Theory as Genre (Deadline: 1st November 2013)
Theory as Genre
Bhavya Tiwari (The University of Texas at Austin), Thomas Beebee (Penn State University)
Calvin Thomas claims that 'literary theory' isn't "simply highfalutin speculation 'about' literature […T]heory fundamentally is literature, after all—something worth reading, a genre of writing" (xii). The rationale for treating Theory as a genre with its own history was given by the French theorist Roland Barthes, who declared in his autobiography that if he had been born in the 19th century he would have been a novelist – born in the early 20th, however, and coming of age when the novel had long spent its force as a vehicle of social analysis, he turned to the genre that had taken up where the novel left off – Theory. But the history of this genre has yet to be written. In treating Theory (a.k.a. "Big-T" or "Grand" theory) as a genre of writing, this seminar makes several critical interventions: one is to focus attention on Theory as a writing practice, subject to the laws of genre: like the novel, Theory is a world genre ripe for comparative treatment and attention to issues of diffusion, translation and tradaptation. The second move is to separate the genre known as Theory from the concept of theory. The latter, as a concept, does not die. Theorizing is still going on today – what has died is the specific formal embodiment of that intellectual process of self-reflection in a particular literary form. Finally, if Theory is a literary genre to be enjoyed, then we must seek to discover the pleasure that is unique to it.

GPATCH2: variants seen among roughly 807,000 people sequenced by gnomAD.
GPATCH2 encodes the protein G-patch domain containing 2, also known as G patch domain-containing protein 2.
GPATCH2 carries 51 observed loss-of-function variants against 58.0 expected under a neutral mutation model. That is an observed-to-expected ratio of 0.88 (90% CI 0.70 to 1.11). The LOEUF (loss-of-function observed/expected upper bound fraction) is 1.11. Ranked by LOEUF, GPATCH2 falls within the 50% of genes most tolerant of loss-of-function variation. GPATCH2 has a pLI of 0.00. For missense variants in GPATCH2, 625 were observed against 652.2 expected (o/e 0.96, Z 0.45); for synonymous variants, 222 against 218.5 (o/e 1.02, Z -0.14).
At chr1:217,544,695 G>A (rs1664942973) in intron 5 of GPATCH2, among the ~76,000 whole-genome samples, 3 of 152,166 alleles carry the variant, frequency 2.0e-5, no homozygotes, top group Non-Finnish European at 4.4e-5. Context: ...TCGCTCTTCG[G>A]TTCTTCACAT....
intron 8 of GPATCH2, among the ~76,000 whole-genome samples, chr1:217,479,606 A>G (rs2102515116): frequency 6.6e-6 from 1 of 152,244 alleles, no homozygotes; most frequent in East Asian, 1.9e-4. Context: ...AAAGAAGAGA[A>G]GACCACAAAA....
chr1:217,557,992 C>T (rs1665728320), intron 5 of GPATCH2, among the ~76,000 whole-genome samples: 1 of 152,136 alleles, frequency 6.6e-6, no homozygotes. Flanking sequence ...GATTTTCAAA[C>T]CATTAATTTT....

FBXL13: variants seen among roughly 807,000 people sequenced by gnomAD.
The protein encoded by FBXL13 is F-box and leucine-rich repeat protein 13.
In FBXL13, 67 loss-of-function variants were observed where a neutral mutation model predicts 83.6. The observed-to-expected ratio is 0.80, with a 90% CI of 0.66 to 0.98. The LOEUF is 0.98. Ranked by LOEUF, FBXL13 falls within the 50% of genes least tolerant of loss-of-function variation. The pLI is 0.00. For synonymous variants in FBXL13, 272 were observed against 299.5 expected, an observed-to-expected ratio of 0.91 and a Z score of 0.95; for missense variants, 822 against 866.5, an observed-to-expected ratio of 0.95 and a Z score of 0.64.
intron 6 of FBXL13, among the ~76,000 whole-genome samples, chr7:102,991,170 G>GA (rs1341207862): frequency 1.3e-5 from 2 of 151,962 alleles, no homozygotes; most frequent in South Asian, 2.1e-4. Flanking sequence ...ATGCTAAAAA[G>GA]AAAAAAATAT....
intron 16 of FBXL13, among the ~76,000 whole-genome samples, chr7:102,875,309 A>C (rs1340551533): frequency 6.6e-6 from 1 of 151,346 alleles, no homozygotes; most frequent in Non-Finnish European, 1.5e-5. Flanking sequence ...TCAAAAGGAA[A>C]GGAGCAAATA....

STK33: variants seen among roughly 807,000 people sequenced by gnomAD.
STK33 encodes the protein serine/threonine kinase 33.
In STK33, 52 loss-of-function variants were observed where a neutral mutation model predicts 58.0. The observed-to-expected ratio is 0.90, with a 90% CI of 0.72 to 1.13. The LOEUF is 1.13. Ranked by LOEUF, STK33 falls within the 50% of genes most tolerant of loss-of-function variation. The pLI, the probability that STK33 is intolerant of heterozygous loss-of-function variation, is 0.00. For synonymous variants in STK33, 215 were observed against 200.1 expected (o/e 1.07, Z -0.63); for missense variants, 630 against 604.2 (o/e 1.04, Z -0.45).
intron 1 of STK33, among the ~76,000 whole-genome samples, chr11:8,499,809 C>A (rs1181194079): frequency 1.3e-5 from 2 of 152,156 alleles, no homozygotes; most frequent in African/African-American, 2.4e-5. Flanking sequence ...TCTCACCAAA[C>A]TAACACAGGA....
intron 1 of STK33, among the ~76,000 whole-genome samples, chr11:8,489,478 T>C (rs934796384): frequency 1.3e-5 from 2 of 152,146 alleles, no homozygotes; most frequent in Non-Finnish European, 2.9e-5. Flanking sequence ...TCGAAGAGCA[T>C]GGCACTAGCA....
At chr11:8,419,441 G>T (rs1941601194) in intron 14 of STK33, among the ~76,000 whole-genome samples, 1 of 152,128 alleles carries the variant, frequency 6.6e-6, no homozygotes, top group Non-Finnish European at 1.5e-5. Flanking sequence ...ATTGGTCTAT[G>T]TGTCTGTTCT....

SEMINAR KEYWORDS: Theory, Literary Theory, Genre, Comparative Literature, World Literature, Empire, Vernacular Theory, Readers, Pleasure, Translation, Tradaptation.